by Jack Phillips Lowe
Joseph, unemployed five months now, holds the phone with a heavy heart, knowing that he just bungled the interview. Again.
The call, in response to his application, was part of what the lady on the phone termed “a screening process.” She said if the phone interview went well, it could lead to a face-to-face conversation with the HR manager in the store. Maybe.
And the call, Joseph thought, went well. The lady said that she liked his credentials. Her voice sounded impressed when Joe described a Time When He Made Superior Efforts to Help a Customer. She even “hmm-ed,” appreciatively, when Joe gave her his definition of teamwork.
Then the lady asked a fateful question. “This job offers up to 20 payroll hours weekly, and it requires open availability. Is that workable for you?”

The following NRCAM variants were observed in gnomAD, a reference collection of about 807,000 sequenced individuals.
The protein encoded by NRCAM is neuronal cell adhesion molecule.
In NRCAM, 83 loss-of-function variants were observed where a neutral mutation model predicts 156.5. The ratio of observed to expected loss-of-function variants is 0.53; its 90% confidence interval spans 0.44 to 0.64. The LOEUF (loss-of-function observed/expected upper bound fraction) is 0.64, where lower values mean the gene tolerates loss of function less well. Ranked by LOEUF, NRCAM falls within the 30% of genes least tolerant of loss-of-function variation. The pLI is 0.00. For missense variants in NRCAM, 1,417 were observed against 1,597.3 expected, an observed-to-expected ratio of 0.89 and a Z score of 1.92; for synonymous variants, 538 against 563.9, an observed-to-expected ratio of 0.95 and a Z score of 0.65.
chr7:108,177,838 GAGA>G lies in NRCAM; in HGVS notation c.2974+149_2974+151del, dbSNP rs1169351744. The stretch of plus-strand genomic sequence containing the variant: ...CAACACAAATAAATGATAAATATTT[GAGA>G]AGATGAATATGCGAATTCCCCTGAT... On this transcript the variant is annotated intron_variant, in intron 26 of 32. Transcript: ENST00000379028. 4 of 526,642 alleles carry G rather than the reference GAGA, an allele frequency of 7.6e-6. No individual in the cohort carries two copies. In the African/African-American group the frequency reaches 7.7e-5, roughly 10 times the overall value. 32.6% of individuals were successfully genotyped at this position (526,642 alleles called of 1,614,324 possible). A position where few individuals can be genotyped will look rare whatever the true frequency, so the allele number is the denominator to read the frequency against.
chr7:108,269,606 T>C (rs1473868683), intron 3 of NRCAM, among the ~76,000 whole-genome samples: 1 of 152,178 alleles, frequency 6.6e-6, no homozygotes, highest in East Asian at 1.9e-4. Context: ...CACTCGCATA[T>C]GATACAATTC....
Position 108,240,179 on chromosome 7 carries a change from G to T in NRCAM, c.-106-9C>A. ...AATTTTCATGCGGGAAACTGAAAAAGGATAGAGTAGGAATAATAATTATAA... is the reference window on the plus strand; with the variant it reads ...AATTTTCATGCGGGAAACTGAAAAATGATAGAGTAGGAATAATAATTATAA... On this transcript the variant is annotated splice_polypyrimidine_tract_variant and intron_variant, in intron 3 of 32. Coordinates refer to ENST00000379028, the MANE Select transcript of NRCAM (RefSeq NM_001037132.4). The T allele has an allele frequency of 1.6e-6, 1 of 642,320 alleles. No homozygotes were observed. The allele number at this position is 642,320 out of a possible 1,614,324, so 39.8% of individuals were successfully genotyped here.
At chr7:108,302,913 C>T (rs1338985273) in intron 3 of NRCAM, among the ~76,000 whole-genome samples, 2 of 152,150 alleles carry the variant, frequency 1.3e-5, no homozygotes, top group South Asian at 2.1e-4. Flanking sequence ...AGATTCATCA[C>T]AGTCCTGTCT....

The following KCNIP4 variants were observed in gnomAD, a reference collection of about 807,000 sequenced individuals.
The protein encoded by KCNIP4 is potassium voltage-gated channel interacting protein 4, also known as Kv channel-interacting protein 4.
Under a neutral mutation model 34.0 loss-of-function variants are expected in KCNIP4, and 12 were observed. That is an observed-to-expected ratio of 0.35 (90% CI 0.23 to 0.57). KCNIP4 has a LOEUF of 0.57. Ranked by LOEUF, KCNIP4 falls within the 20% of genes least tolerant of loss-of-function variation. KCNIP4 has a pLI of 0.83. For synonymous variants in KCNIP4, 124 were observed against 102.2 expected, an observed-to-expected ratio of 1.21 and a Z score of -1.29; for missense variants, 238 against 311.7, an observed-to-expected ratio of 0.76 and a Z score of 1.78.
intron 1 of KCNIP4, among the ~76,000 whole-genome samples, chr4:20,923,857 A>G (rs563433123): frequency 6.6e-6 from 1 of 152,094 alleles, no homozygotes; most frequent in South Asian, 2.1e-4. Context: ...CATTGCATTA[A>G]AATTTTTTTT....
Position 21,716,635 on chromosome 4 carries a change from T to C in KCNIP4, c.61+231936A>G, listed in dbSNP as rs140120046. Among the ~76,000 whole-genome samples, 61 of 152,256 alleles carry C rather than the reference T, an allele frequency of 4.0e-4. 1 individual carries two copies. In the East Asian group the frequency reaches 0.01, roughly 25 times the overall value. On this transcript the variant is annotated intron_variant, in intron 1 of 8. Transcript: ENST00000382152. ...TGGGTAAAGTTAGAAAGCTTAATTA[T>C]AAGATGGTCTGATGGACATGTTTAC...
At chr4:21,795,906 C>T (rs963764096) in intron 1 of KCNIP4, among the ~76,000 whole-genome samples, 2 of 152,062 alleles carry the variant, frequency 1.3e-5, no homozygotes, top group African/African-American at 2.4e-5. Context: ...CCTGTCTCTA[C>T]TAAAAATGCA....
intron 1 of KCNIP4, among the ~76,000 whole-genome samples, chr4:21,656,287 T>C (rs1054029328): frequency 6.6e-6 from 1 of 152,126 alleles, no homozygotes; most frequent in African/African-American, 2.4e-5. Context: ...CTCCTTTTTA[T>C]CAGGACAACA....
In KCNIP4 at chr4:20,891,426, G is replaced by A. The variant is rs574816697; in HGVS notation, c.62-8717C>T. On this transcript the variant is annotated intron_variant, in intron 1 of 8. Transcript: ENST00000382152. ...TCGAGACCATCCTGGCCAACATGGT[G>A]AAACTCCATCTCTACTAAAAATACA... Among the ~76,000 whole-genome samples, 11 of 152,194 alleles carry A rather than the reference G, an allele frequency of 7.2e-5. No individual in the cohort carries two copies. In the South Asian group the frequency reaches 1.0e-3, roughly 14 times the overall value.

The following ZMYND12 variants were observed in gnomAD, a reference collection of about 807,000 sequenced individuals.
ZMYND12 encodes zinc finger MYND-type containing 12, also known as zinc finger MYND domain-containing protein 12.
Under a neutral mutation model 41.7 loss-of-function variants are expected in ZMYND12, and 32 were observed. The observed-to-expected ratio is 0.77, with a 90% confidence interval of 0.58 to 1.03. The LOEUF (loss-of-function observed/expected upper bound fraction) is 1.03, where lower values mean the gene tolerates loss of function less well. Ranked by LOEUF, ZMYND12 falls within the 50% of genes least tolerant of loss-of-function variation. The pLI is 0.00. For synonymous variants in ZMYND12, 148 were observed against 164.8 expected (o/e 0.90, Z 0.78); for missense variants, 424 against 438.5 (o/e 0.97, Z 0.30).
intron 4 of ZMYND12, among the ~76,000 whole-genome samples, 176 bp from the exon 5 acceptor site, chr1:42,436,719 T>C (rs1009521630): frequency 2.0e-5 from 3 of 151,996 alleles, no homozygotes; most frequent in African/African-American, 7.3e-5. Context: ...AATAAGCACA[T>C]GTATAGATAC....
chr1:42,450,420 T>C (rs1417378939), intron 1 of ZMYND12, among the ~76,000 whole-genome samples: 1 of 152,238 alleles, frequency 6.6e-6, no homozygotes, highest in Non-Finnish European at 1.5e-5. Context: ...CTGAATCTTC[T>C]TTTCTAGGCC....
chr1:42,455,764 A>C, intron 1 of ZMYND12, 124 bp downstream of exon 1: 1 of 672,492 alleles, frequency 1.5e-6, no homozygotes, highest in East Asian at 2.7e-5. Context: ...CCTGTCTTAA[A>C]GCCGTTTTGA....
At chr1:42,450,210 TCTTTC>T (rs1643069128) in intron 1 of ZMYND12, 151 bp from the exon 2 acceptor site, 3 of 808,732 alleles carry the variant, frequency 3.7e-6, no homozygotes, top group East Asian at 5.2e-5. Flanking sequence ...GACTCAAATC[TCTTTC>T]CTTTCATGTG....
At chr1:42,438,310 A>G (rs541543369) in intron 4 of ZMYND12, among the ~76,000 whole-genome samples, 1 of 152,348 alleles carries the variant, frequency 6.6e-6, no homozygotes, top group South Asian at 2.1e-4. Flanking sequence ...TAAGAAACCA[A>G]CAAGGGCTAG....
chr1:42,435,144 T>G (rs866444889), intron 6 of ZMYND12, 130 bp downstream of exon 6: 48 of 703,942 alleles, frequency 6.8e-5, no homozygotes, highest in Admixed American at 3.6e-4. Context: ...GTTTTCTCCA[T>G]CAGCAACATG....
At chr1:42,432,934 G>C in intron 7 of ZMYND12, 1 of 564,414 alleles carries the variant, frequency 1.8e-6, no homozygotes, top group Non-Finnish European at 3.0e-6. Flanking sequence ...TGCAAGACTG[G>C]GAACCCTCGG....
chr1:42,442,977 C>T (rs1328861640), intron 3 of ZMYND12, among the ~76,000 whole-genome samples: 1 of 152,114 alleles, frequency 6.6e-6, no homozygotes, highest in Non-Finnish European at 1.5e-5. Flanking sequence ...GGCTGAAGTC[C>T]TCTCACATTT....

Joe took a breath. “I... I’m afraid not. The 20 hours is fine. But I’d have to take at least a second job, and probably a third, just to support myself. I couldn’t do that and give you open availability. I am, though, very flexible—”
“Thank you,” said the lady, cutting in. Her voice had grown suddenly cold, Joe’s ear felt frozen to the receiver. “Your application will remain active for 90 days. After that, you may apply again. Good day.” There was a click and then a dial tone.
Joseph sits there, holding the phone, unable to hang it up. He’s too busy wondering if his name isn’t, in fact, Joseph K, the character in Franz Kafka’s The Trial, who was victimized by the system for reasons never explained. For five months now, going on six.
Copyright © 2014 by Jack Phillips Lowe